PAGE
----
“Communication is about being effective, not always about being proper.” -Bo Bennett

The difference between successful people and those that are not often lies in their ability to communicate effectively. Fortunately, this ability is not a talent, rather it is a skill that can be practiced and developed with some practice. Here are 4 tips to help you:

Watch the tone of your voice, especially when strong emotions (like anger or frustration) is running rampant. An overly aggressive tone provokes a "fight-or-flight" response in the listener and creates a barrier that prevents effective communication. A tone that is heavy with sarcasm, or come across as rude, often results in a misinterpretation of what you are trying to say, and can potentially lead to a giant misunderstanding. A tone that sounds distracted, preoccupied, or apathetic makes the listener not care and tune out from the conversation altogether.

Cut the accusations. People don't like being accused as it makes them feel negative and guilty even if they are completely innocent. Many people without realizing it can participate in a very common form of accusatory conversation called gossiping, where the subject of the conversation is often accused and judged unfairly based on rumors without them being there to defend themselves. Participating in accusatory conversations do absolutely nothing to improve your skill in being an effective communicator, so do yourself a favor and try to avoid it.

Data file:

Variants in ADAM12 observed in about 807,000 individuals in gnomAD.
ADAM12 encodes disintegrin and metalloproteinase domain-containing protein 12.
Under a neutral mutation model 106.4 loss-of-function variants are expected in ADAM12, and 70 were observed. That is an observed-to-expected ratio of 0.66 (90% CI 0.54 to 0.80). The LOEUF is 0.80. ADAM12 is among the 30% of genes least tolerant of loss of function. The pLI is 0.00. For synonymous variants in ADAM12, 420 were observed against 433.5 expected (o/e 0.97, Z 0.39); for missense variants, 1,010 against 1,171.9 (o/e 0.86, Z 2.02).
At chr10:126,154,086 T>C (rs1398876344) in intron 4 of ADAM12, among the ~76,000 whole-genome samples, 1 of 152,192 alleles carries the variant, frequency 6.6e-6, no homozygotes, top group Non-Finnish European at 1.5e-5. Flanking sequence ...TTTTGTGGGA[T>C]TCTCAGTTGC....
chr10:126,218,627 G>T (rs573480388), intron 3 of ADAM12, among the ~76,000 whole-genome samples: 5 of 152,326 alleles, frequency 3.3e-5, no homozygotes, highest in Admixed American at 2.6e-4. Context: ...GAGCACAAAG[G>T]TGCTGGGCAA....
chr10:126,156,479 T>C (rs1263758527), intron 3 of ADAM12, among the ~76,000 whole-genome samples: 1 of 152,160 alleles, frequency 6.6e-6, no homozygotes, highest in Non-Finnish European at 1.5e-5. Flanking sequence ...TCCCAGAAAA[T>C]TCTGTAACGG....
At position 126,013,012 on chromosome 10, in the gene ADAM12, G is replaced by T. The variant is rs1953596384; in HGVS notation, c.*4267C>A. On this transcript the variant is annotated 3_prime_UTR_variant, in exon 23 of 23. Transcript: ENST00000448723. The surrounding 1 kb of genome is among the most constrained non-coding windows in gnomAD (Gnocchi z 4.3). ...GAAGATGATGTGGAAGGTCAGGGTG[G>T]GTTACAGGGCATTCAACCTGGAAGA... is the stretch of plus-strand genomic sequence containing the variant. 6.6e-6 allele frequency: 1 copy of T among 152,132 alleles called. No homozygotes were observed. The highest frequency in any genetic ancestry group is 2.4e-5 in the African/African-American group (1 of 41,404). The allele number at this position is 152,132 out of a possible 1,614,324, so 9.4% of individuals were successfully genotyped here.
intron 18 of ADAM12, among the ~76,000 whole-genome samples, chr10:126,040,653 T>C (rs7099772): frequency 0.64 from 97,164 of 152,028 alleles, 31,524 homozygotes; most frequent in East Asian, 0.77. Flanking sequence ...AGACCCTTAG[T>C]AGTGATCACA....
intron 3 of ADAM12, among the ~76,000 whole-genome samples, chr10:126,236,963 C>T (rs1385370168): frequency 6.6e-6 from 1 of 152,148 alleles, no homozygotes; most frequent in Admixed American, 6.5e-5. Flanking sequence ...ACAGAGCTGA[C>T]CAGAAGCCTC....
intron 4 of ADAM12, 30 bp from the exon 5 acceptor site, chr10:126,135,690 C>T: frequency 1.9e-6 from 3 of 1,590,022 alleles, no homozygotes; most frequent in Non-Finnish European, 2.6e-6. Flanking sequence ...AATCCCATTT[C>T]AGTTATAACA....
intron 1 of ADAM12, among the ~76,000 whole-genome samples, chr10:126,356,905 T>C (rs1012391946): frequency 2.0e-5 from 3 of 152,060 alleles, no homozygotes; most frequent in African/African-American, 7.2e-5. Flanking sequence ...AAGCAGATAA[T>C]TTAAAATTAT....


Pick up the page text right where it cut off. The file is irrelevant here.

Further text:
Stop the interruptions. Interruption kills conversation and it turns people off. Habitual interrupters are often perceived as arrogant, rude, disrespectful, childish, and bad at listening. People are less likely to listen to the content of your message if they have these negative perceptions about you. If you have to chime in, watch your timing, make sure you don't interrupt mid-sentence, and when in group settings, make a little body gesture (like raising your hand) to let the current speaker knows that you have something to say.

When it comes to effective communication, less is often more. Depending on the topic of the conversation, sometimes it might take longer to get your point across or deliver your message. (Note that being able to converse for a long time doesn't mean that you are an effective communicator; it just means that you can talk for an extended period). The key to be effective here is to keep the ramblings and tangents to minimal, and keep the points as concise and clear as possible.

If you want to become an effective communicator, just remember to “Cut the TAIL (Tone, Accusation, Interruption, Length)!